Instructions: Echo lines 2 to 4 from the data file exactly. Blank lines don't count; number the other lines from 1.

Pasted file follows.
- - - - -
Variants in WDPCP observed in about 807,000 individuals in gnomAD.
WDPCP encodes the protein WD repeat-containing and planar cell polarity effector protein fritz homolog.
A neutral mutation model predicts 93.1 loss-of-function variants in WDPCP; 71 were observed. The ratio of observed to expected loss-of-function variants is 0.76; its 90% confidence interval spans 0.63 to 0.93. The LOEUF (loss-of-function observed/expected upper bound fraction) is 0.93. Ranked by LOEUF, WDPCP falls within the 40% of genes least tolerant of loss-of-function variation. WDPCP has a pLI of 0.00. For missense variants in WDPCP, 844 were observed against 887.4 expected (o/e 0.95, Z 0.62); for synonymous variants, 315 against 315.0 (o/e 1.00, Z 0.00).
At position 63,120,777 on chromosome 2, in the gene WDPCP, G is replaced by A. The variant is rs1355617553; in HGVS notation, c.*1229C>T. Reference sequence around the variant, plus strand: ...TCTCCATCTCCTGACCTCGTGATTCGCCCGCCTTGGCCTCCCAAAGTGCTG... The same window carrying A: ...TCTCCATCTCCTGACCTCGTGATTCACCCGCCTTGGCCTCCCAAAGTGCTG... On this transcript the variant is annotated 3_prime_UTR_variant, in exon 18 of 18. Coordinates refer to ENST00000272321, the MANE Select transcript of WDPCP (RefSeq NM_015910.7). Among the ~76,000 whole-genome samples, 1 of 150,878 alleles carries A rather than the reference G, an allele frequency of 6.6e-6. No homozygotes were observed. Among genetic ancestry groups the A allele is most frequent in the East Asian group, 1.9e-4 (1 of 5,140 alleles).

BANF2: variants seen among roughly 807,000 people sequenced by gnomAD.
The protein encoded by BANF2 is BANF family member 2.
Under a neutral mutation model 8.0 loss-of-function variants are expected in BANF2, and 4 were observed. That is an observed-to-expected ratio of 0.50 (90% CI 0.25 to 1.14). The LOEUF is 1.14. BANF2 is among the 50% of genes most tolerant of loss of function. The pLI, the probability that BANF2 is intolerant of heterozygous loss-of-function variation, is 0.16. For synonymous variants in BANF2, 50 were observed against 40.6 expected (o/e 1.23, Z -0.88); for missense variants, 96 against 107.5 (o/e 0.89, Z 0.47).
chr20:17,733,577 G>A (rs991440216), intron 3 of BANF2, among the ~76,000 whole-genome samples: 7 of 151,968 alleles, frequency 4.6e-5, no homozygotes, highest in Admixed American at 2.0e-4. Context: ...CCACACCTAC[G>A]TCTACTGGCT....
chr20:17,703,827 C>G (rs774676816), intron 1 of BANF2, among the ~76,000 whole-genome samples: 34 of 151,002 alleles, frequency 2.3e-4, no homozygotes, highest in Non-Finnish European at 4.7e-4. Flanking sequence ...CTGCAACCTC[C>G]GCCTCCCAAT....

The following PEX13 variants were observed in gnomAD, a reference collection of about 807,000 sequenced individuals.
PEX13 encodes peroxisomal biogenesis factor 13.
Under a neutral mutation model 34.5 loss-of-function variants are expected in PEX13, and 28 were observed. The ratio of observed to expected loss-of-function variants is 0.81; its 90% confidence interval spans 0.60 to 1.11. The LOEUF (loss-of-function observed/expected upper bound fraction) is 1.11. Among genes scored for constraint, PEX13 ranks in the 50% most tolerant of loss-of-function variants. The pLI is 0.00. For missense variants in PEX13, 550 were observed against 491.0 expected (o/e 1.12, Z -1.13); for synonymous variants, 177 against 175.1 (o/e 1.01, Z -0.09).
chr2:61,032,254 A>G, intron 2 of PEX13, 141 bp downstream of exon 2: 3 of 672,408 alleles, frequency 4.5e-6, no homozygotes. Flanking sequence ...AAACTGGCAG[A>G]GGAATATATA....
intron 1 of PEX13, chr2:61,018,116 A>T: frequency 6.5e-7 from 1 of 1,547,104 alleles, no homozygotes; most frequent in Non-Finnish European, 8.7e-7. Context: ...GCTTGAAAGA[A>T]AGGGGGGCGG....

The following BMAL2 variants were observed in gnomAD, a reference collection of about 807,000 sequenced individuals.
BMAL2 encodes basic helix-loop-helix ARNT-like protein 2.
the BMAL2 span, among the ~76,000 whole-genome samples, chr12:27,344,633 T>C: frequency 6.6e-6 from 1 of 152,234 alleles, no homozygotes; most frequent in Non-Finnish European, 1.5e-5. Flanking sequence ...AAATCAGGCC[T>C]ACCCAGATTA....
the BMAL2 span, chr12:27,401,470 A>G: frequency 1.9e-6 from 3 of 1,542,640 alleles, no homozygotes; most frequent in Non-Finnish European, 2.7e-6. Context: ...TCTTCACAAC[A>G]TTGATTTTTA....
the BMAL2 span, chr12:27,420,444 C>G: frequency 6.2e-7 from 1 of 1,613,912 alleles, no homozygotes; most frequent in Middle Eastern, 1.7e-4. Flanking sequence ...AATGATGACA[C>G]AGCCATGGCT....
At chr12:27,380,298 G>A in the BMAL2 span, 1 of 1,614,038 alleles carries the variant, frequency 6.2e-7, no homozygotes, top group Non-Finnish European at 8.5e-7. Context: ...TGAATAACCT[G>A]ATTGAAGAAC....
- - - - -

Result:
WDPCP encodes the protein WD repeat-containing and planar cell polarity effector protein fritz homolog.
A neutral mutation model predicts 93.1 loss-of-function variants in WDPCP; 71 were observed. The ratio of observed to expected loss-of-function variants is 0.76; its 90% confidence interval spans 0.63 to 0.93. The LOEUF (loss-of-function observed/expected upper bound fraction) is 0.93. Ranked by LOEUF, WDPCP falls within the 40% of genes least tolerant of loss-of-function variation. WDPCP has a pLI of 0.00. For missense variants in WDPCP, 844 were observed against 887.4 expected (o/e 0.95, Z 0.62); for synonymous variants, 315 against 315.0 (o/e 1.00, Z 0.00).
At position 63,120,777 on chromosome 2, in the gene WDPCP, G is replaced by A. The variant is rs1355617553; in HGVS notation, c.*1229C>T. Reference sequence around the variant, plus strand: ...TCTCCATCTCCTGACCTCGTGATTCGCCCGCCTTGGCCTCCCAAAGTGCTG... The same window carrying A: ...TCTCCATCTCCTGACCTCGTGATTCACCCGCCTTGGCCTCCCAAAGTGCTG... On this transcript the variant is annotated 3_prime_UTR_variant, in exon 18 of 18. Coordinates refer to ENST00000272321, the MANE Select transcript of WDPCP (RefSeq NM_015910.7). Among the ~76,000 whole-genome samples, 1 of 150,878 alleles carries A rather than the reference G, an allele frequency of 6.6e-6. No homozygotes were observed. Among genetic ancestry groups the A allele is most frequent in the East Asian group, 1.9e-4 (1 of 5,140 alleles).